Carnegie Mellon Hosts International Subatomic Physics Conference
By Ben Panko
More than 120 scientists from around the world converged on Carnegie Mellon University this month to share the latest breakthroughs in nuclear and particle physics.
"There's a community of physicists interested in the interactions of mesons and nucleons," said Professor of Physics Reinhard Schumacher, who co-chaired the local organizing committee of the 15th International Conference on Meson-Nucleon Physics and the Structure of the Nucleon (MENU). "We like to think of it as a boundary between nuclear and particle physics."
Over the course of five days, more than 100 presentations were given on leading topics in the field, including more than a dozen presentations by graduate students getting exposure to presenting at a major conference. Notably, several Carnegie Mellon alumni also presented their current work, including an opening talk by Florida State University Assistant Professor of Physics Sean Dobbs, a 2003 graduate.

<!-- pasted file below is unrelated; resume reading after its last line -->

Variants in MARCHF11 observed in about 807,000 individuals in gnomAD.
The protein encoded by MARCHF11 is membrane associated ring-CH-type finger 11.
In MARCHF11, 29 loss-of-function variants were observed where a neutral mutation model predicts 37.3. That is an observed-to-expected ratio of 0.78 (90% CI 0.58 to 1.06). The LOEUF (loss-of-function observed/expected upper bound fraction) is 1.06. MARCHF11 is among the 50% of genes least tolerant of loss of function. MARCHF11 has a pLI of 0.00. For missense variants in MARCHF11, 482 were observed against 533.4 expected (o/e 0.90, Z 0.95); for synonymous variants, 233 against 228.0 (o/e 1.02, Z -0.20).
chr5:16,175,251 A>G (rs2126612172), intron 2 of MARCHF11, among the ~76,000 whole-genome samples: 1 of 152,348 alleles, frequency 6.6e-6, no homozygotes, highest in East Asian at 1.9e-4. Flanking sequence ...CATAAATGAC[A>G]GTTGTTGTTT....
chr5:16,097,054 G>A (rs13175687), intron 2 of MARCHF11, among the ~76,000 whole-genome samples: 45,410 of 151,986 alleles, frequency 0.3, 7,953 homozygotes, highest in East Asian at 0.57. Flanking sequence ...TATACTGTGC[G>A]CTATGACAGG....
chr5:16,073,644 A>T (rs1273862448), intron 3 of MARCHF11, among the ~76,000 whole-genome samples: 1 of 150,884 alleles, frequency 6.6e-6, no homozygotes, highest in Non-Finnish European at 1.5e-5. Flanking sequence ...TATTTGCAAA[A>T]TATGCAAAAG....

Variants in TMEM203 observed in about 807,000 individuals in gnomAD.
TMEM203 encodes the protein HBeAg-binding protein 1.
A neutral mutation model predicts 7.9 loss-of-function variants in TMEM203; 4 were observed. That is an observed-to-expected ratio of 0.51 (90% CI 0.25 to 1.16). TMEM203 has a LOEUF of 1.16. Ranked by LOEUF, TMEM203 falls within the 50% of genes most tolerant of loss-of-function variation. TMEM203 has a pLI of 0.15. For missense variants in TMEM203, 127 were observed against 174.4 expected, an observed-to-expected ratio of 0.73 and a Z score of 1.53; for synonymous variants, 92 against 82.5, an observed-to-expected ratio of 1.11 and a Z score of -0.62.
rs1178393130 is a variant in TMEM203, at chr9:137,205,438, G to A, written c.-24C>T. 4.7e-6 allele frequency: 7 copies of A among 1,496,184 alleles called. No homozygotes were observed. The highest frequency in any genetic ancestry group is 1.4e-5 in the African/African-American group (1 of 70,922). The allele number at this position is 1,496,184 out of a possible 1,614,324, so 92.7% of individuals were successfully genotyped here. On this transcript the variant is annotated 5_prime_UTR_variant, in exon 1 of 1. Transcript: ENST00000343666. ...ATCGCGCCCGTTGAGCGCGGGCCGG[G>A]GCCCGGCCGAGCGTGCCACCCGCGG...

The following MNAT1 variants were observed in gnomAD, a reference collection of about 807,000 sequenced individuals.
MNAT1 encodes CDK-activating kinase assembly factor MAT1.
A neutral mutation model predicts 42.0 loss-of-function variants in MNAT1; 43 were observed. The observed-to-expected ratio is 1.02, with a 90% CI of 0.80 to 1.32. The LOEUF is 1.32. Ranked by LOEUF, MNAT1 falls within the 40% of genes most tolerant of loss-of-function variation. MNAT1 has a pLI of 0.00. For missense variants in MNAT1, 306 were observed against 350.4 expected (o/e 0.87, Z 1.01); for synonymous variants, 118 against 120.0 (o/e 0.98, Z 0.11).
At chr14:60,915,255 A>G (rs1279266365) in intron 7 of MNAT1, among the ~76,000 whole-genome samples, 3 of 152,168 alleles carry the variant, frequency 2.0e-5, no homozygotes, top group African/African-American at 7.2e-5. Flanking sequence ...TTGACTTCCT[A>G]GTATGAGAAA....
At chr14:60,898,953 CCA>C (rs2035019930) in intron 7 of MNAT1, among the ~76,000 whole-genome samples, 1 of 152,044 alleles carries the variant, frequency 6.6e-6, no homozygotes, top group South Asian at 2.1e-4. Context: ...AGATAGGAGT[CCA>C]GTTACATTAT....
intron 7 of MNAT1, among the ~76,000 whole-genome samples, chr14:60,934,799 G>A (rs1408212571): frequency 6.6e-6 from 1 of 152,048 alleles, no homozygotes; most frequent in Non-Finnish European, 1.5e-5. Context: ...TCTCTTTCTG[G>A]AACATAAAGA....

Schumacher and fellow co-chair Curtis Meyer, professor of physics and associate dean for research, spent the past year working with a local organizing committee made up of physicists at Carnegie Mellon and other local universities to pull together the conference.
"Reinhard and I both felt that the conference was a big success," Meyer said, noting the many positive remarks he heard from attendees about their experiences at Carnegie Mellon and in Pittsburgh. They're now working to pick the facilities for the 2022 MENU conference in Mainz, Germany.